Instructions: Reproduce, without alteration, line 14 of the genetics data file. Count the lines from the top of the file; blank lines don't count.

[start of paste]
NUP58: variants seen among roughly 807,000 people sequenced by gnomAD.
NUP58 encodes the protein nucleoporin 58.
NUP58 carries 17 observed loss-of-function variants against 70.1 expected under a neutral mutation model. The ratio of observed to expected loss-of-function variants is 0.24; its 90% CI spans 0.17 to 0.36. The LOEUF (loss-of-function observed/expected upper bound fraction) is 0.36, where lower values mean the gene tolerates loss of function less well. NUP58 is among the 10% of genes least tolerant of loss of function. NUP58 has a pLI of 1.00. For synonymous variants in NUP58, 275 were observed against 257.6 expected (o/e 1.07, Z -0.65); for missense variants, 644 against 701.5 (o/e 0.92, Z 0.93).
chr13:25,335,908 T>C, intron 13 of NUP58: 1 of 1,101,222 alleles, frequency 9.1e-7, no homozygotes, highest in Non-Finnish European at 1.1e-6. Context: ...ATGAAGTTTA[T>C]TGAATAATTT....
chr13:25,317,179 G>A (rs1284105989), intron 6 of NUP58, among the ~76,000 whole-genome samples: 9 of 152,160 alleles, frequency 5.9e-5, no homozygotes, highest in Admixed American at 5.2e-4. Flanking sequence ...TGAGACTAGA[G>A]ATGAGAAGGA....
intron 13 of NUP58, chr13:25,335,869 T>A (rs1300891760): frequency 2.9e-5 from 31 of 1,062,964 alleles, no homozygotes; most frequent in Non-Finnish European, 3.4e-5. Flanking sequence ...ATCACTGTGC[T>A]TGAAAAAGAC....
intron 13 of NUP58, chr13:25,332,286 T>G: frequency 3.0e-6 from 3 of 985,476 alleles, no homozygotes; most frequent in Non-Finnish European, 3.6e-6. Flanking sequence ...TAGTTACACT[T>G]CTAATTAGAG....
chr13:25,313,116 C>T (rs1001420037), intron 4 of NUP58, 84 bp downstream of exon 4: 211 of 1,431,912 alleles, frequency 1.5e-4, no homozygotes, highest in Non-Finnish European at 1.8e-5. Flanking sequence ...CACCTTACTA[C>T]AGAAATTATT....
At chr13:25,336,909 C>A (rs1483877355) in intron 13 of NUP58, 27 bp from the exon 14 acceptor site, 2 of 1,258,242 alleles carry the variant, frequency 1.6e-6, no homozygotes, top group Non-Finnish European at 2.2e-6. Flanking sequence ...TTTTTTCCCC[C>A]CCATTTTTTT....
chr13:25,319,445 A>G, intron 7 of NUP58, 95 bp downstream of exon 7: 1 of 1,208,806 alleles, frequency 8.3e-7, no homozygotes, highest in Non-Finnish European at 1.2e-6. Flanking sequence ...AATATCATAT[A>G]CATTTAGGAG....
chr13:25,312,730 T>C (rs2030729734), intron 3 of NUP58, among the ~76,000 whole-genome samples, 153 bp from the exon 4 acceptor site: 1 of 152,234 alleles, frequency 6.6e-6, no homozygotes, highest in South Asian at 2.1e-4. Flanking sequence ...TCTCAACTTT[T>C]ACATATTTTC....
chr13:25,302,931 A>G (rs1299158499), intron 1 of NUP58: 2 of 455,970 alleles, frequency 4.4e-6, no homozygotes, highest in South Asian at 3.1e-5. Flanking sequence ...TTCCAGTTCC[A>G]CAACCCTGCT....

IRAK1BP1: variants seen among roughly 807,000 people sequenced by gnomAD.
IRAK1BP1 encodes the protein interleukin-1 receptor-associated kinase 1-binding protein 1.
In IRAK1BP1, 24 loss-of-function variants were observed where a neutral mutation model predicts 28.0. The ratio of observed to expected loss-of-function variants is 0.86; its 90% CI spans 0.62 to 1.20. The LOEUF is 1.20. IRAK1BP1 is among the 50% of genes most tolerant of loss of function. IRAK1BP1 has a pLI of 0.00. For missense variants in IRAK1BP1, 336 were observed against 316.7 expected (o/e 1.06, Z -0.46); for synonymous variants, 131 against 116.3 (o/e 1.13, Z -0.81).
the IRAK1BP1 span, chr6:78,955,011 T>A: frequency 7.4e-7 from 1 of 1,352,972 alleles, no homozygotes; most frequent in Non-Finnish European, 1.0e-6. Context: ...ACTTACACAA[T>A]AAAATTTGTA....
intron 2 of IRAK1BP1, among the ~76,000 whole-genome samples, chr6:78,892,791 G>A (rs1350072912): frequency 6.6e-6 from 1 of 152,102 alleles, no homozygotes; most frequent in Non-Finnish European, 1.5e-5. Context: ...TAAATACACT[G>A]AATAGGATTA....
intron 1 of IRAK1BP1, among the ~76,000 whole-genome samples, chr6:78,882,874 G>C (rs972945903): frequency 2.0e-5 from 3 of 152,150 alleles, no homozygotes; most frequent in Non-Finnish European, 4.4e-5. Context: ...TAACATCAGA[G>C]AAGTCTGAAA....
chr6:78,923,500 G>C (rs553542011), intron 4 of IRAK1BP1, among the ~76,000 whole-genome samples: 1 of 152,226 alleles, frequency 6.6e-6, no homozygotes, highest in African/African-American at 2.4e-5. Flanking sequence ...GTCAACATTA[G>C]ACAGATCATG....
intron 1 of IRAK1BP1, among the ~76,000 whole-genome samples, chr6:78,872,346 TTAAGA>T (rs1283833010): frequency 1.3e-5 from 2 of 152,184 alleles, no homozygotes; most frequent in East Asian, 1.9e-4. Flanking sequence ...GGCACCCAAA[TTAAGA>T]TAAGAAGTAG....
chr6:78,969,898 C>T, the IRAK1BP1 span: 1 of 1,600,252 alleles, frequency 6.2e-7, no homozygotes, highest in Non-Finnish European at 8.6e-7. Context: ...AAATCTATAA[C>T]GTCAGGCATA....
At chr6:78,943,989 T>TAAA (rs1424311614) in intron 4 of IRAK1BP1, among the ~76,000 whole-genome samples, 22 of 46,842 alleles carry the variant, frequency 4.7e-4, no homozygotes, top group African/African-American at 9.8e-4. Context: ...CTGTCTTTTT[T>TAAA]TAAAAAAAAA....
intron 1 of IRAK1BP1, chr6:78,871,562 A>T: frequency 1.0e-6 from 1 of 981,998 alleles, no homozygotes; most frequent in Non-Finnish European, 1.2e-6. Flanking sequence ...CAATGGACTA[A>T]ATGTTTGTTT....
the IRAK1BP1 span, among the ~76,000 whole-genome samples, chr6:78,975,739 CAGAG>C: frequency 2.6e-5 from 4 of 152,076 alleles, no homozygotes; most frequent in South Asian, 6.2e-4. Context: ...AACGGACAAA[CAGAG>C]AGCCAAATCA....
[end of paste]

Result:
IRAK1BP1 encodes the protein interleukin-1 receptor-associated kinase 1-binding protein 1.